A state-funded bonus program to encourage jobless Mainers to get back into the workforce will end after reaching a fraction of the people officials estimated it could.

Gov. Janet Mills in June offered some workers collecting unemployment a $1,500 payment if they took one of thousands of open jobs in the state and held it for at least two months. As of last week, more than 32,000 Mainers remained on continuing federal and/or state weekly jobless benefits, up from about 4,100 during the same week of 2019.

The program ran through late July but attracted just 400 people. When it was launched, the Maine Department of Labor estimated the $10 million program could reach 7,500 workers. Half of the 400 workers, hired by a total of 386 different companies, work in social assistance, retail stores or hotels and restaurants.

“Maine, like all states, is confronting a workforce shortage worsened by the pandemic, and we are pleased we were able to provide this tool alongside our other efforts to help get people back to work,” said state Community Development Commissioner Heather Johnson in a news release. “We remain committed to finding solutions to the barriers that remain to families returning work.”

A deadline for employers to submit grant applications for new employees hired between June 15 and July 25 has been extended by two weeks to Aug. 20, the department said Wednesday. Grants are not available to those hired after the July 25 cutoff.

“We hope this two-week applications deadline extension will give businesses more time to get any lingering applications in so we can maximize the help we are able to provide,” said Maine Labor Commissioner Laura Fortman in a statement.


Hiring bonuses were only available to workers claiming unemployment benefits who were hired for jobs paying less than $25 an hour and who stayed in the job for at least eight consecutive weeks. New employees were not required to complete the full eight weeks on the job before the employer could apply for the bonus, the news release said, but employers will have to show through payroll records that new hires are eligible before the bonus is released.

As the state’s economy rebounds from the COVID-19 recession, Maine employers have struggled to attract enough workers, especially in typically low-wage jobs in restaurants, hotels, retail and other public-facing businesses.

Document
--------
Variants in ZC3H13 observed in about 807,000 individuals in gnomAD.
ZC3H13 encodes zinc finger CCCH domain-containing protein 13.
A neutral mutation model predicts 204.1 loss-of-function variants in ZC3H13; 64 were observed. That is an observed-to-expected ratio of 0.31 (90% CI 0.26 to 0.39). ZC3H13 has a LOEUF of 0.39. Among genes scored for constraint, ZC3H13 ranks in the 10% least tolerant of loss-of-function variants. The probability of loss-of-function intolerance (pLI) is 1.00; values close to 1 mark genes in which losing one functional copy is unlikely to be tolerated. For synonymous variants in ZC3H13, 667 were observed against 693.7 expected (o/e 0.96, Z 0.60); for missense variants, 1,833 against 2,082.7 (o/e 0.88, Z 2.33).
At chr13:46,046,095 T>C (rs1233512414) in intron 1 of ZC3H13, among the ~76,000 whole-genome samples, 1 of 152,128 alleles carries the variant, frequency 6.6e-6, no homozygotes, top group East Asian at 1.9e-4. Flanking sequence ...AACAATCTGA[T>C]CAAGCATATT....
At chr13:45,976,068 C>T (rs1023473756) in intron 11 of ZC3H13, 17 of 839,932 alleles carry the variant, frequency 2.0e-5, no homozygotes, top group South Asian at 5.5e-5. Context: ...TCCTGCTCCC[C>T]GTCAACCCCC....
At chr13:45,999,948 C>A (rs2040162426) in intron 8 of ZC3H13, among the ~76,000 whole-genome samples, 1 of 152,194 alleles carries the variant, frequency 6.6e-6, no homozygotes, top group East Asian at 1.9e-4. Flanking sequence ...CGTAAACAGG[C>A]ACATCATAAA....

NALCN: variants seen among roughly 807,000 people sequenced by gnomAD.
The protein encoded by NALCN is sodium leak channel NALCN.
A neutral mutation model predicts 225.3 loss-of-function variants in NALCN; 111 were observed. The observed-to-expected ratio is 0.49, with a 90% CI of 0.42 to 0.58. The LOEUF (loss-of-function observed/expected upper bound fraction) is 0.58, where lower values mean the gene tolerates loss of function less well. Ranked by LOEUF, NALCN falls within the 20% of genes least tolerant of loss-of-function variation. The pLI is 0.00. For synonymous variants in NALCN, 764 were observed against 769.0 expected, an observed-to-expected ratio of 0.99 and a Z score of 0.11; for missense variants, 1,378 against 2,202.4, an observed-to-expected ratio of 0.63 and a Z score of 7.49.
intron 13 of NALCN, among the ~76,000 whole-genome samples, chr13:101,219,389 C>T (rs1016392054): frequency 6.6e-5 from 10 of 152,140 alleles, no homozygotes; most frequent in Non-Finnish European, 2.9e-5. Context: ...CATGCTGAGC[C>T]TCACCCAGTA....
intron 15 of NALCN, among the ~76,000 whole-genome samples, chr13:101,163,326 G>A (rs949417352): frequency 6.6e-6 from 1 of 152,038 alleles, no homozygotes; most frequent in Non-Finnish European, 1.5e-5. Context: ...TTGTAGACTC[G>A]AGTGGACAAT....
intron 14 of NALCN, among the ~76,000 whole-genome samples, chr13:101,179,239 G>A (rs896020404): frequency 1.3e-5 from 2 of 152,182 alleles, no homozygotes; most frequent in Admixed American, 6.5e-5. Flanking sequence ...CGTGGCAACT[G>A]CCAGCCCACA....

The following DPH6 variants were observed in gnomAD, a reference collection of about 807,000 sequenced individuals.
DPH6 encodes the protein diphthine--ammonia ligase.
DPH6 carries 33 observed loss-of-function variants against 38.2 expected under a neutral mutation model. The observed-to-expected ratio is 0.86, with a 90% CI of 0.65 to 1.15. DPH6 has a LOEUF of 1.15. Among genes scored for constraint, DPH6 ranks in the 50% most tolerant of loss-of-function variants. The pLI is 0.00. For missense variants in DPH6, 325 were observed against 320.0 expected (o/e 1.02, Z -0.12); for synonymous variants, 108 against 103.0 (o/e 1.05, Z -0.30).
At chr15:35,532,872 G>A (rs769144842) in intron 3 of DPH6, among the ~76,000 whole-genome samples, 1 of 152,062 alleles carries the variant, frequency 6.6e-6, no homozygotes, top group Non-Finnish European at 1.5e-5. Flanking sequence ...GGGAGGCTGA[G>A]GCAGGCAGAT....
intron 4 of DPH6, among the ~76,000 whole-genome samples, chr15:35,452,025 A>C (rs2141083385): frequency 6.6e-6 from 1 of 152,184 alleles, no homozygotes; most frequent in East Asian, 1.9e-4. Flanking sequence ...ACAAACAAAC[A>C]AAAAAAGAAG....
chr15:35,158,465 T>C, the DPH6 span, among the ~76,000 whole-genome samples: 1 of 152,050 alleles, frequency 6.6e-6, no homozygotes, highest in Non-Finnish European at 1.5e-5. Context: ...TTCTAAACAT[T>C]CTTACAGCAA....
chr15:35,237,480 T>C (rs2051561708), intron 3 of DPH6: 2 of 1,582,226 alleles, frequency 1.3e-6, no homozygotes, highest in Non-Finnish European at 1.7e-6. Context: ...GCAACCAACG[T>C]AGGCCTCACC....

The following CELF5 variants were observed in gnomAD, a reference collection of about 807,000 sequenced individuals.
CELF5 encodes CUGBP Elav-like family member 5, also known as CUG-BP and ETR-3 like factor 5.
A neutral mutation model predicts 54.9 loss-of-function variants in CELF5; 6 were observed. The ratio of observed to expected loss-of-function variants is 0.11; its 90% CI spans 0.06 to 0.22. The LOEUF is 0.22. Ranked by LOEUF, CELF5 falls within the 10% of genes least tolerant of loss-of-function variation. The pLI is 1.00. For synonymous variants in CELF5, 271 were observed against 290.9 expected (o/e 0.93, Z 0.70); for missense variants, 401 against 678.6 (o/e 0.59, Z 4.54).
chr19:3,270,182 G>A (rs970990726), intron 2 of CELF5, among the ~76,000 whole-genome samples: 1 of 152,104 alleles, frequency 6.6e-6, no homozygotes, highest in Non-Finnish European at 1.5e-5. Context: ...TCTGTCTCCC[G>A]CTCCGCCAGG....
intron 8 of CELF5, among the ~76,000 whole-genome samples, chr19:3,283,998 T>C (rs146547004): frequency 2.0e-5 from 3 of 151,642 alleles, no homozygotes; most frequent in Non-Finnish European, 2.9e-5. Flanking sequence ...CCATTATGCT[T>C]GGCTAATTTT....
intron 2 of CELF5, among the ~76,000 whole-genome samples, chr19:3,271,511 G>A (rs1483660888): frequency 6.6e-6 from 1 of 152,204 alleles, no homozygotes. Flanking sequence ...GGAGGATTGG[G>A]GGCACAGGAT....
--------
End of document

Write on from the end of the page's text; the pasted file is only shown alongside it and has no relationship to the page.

Tens of thousands of people were laid off in the early days of the pandemic, and some have not returned to jobs, either staying on extended unemployment or dropping out of the workforce entirely. Issues such as health concerns, remote and hybrid schooling and inaccessible childcare have kept some workers on the sidelines, and some foreign workers that seasonal businesses depend on were prevented from entering the U.S. this year.

Those dynamics further tightened the state’s labor market, which strained to find enough workers to fill open jobs for years before the pandemic.

About 3,000 new jobs were created in June, but Maine’s unemployment rate stayed steady at 4.8 percent and the labor force participation rate, which counts the people who are employed or actively looking for a job, remained around 60 percent, more than two points below pre-pandemic levels.

Meanwhile, the number of people claiming unemployment insurance has steadily declined. In the last week of July, there were about 8,200 continued claims for state jobless benefits, 2,000 fewer than two months before. The number of continuing unemployment claims is now roughly the same as levels seen in a typical January, after layoffs of seasonal holiday workers.

However, about 24,250 claims were made for federal unemployment programs that cover workers ineligible for state benefits and extend aid for up to a full year. Those programs, as well as a $300-per-week increased unemployment payment, will end permanently in less than a month.

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